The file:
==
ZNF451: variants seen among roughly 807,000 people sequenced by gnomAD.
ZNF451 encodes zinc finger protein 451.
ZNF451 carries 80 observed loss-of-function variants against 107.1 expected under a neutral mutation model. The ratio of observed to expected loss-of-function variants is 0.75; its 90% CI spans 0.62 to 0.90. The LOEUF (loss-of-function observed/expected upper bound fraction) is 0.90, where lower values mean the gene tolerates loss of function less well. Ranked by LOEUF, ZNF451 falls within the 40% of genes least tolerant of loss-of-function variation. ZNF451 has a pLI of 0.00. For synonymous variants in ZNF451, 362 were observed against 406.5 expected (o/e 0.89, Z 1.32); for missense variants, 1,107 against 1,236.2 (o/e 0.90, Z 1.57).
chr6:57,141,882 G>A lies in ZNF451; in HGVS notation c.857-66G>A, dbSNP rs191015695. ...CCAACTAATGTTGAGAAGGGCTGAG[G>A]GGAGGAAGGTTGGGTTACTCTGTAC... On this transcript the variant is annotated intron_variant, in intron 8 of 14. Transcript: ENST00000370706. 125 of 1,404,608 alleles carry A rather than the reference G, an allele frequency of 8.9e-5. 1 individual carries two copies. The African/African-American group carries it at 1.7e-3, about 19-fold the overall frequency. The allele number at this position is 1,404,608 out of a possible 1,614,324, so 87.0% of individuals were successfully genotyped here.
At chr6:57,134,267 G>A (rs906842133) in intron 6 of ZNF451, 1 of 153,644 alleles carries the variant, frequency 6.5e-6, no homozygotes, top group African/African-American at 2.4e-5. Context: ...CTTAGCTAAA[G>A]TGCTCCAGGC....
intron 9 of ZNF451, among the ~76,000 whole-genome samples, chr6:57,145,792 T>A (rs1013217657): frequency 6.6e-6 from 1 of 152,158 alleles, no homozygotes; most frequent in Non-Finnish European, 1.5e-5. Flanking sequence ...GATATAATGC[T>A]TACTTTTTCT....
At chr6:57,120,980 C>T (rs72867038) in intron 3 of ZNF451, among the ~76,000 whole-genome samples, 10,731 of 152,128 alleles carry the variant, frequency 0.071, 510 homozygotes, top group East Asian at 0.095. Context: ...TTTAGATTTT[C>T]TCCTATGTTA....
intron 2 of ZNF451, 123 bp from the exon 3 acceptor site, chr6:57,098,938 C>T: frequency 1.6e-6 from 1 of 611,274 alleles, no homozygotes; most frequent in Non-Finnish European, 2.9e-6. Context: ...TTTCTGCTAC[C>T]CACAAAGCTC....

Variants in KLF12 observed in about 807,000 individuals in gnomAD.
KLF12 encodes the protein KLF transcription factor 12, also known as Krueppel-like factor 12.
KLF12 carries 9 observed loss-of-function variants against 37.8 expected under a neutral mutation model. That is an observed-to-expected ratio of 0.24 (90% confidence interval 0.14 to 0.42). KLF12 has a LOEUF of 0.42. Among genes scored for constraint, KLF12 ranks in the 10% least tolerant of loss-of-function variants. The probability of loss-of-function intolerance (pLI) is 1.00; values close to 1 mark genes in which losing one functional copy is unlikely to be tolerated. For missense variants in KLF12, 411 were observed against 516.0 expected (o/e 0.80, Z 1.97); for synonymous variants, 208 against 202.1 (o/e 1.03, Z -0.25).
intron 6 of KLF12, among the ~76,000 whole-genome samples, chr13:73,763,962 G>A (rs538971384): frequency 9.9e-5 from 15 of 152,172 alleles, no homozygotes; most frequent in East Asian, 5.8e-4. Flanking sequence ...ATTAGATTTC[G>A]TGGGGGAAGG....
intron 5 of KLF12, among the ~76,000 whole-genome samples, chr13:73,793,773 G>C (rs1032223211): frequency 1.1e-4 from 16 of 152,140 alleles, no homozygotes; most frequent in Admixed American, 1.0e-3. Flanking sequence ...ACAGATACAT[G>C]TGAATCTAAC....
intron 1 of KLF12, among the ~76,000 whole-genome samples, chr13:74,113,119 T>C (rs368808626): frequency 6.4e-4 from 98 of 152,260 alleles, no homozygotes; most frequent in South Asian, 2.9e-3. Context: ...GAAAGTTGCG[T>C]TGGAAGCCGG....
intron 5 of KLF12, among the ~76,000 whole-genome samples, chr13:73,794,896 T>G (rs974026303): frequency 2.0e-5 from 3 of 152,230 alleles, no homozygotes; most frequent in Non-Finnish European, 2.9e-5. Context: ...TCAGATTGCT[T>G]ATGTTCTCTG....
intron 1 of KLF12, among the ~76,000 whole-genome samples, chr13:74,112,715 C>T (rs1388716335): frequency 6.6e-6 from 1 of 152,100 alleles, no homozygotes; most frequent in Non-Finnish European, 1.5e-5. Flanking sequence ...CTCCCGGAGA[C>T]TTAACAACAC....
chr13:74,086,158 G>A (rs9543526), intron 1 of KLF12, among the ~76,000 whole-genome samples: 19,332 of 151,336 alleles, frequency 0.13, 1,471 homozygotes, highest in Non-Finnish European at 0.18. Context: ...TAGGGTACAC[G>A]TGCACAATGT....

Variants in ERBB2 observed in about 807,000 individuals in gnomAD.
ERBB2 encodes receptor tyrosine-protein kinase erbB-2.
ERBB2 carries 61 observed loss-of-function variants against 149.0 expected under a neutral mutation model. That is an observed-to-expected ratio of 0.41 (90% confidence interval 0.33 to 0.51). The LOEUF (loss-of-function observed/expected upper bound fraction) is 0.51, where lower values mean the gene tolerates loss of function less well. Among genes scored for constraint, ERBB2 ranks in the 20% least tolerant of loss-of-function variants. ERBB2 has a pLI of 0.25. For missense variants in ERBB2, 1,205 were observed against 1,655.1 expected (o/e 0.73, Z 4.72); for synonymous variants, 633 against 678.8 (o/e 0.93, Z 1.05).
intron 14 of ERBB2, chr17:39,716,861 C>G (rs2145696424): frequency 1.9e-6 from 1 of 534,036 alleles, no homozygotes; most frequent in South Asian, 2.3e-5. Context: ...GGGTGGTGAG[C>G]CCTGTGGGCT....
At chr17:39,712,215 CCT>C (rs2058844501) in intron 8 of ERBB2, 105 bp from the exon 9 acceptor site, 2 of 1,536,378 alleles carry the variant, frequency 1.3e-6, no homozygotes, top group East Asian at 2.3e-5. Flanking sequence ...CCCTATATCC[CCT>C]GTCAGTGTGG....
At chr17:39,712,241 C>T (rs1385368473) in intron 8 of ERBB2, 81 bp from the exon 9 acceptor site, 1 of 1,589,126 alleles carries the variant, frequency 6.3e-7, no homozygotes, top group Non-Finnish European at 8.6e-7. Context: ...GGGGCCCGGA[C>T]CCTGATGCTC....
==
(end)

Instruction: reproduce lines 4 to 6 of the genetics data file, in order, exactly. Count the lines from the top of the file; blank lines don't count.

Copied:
chr6:57,141,882 G>A lies in ZNF451; in HGVS notation c.857-66G>A, dbSNP rs191015695. ...CCAACTAATGTTGAGAAGGGCTGAG[G>A]GGAGGAAGGTTGGGTTACTCTGTAC... On this transcript the variant is annotated intron_variant, in intron 8 of 14. Transcript: ENST00000370706. 125 of 1,404,608 alleles carry A rather than the reference G, an allele frequency of 8.9e-5. 1 individual carries two copies. The African/African-American group carries it at 1.7e-3, about 19-fold the overall frequency. The allele number at this position is 1,404,608 out of a possible 1,614,324, so 87.0% of individuals were successfully genotyped here.
At chr6:57,134,267 G>A (rs906842133) in intron 6 of ZNF451, 1 of 153,644 alleles carries the variant, frequency 6.5e-6, no homozygotes, top group African/African-American at 2.4e-5. Context: ...CTTAGCTAAA[G>A]TGCTCCAGGC....
intron 9 of ZNF451, among the ~76,000 whole-genome samples, chr6:57,145,792 T>A (rs1013217657): frequency 6.6e-6 from 1 of 152,158 alleles, no homozygotes; most frequent in Non-Finnish European, 1.5e-5. Flanking sequence ...GATATAATGC[T>A]TACTTTTTCT....